Gloria Gaynor

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Gloria Gaynor (born Gloria Fowles on September 7, 1949) is an American singer, best-known for the disco era hits; "I Will Survive" (Hot 100 number 1, 1979), "Never Can Say Goodbye" (Hot 100 number 9, 1974), "Let Me Know (I Have a Right)" (Hot 100 number 42, 1980) and "I Am What I Am" (R&B number 82, 1983).

Contents

Early career

Gaynor was a singer with the Soul Satisfiers, a jazz/pop band, in the 1960s. Her first solo single was "She'll Be Sorry/Let Me Go Baby" (1965).

Her first real success came in 1975 with the release of her album Never Can Say Goodbye, which established her as a disco artist. The first side of this album consisted of three disco songs ("Honey Bee", "Never Can Say Goodbye" and "Reach Out, I'll Be There"), with no breaks in between the songs. This 19-minute dance marathon proved to be enormously popular, especially at dance clubs. All three songs were released as singles via radio edits, and all of them became hits. The album was instrumental in introducing disco music to the public, "Never Can Say Goodbye" becoming the first song to top Billboard magazine's dance chart. Capitalizing on the success of her first album, Gloria Gaynor quickly released her second album, Experience Gloria Gaynor, later that same year. While this album was also successful, it was not quite as popular as her previous album in the mainstream.

Some of her lesser-known singles, due to lack of recurrent airplay — including "Honey Bee" (1974), "Casanova Brown" (1975), and "Let's Make A Deal" (1976) — became hits in the clubs and reached the Top 5 on Billboard's disco charts. After her 1976 album, I've Got You, Gaynor shifted from her hit production team, to work with other productions. While it seemed like a good move, her subsequent producers did not seem to match Gaynor's vocal approach and style as well.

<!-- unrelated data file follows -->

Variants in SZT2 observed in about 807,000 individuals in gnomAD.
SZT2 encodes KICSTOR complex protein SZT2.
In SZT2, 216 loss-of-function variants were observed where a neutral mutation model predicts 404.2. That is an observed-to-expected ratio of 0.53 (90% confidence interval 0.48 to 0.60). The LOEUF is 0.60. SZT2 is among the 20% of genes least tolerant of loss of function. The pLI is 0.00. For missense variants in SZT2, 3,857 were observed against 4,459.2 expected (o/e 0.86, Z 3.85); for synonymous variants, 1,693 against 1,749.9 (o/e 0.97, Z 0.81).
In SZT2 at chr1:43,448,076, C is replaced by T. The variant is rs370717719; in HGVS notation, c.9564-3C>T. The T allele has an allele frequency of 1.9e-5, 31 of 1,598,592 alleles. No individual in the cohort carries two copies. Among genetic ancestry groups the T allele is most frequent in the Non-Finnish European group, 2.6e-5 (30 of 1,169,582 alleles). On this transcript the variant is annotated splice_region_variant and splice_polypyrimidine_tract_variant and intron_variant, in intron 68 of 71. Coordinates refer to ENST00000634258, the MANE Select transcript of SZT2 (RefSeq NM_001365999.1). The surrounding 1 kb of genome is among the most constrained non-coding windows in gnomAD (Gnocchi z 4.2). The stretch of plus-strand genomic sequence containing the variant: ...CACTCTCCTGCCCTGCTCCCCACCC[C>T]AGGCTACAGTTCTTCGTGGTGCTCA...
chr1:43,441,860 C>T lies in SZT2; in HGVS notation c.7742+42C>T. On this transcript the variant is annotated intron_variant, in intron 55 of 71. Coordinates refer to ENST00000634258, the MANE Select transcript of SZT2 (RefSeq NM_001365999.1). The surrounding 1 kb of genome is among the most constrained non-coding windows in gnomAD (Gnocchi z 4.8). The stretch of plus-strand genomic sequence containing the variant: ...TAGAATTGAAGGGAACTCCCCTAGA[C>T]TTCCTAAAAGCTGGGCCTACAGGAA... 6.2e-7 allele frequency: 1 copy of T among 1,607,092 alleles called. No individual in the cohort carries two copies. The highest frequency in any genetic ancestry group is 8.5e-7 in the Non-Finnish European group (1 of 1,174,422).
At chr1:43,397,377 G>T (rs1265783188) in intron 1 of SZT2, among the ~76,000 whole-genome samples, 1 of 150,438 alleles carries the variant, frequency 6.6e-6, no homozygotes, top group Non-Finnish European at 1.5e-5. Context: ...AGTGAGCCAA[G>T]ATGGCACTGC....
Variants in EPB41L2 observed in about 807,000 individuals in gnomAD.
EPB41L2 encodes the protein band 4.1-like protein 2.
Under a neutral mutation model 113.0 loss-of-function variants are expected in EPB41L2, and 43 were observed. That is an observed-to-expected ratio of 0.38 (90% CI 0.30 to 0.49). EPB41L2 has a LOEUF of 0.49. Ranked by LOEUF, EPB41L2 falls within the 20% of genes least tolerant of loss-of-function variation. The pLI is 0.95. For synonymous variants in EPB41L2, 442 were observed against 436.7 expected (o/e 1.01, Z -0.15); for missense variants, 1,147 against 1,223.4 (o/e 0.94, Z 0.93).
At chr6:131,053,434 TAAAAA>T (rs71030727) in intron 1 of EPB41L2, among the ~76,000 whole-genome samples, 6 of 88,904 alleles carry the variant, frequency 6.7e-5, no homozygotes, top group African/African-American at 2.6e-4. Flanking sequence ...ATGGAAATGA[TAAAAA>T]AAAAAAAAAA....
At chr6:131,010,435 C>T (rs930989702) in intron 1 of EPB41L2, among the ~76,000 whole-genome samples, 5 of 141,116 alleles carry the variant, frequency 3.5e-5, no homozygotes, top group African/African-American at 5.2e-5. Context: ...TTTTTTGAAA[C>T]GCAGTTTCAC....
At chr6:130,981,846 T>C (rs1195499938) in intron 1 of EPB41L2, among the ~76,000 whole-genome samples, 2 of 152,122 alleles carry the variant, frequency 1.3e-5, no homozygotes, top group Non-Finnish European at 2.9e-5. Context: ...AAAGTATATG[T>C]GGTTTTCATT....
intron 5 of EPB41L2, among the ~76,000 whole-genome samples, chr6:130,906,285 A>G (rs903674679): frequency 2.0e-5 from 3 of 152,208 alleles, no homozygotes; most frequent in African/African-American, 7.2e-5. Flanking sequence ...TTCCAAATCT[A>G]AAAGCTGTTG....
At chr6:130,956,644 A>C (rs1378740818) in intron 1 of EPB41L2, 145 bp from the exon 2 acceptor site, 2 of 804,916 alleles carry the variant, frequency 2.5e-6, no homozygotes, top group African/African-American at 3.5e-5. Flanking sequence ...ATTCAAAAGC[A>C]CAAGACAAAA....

Major mainstream breakthrough

In the next few years, Gloria Gaynor released the albums Glorious and Park Avenue Sound, but would only enjoy a few moderate hits. However, in late 1978, with the release of her album Love Tracks, she climbed the pop charts again because of her song "I Will Survive". The lyrics of this song are written from the point of view of a woman, recently dumped, telling her former lover that she can cope without him and does not want anything more to do with him. The song has become something of an anthem of female emancipation, and is still a staple of office parties and karaoke nights. Interestingly, "I Will Survive" was originally the B-side when Polydor Records released it in late 1978. The A-side, a song called "Substitute", then a recent worldwide hit for South African girl-group Clout, was considered more "radio friendly". Boston Disco Radio DJ Jack King turned the record over and recalls being stunned by what he heard. "I couldn't believe they were burying this monster hit on the B-side", says King. "I played it and played it and my listeners went nuts." This audience response forced the record company to flip the songs, so that subsequent copies of the single listed the more popular song on the A-side. King was honored at New York's "Disco Masters Awards Show" for 3 consecutive years (1979–1981) in recognition of his relentless push of the song. The song was awarded the only Grammy Award ever for Best Disco Recording in 1980.

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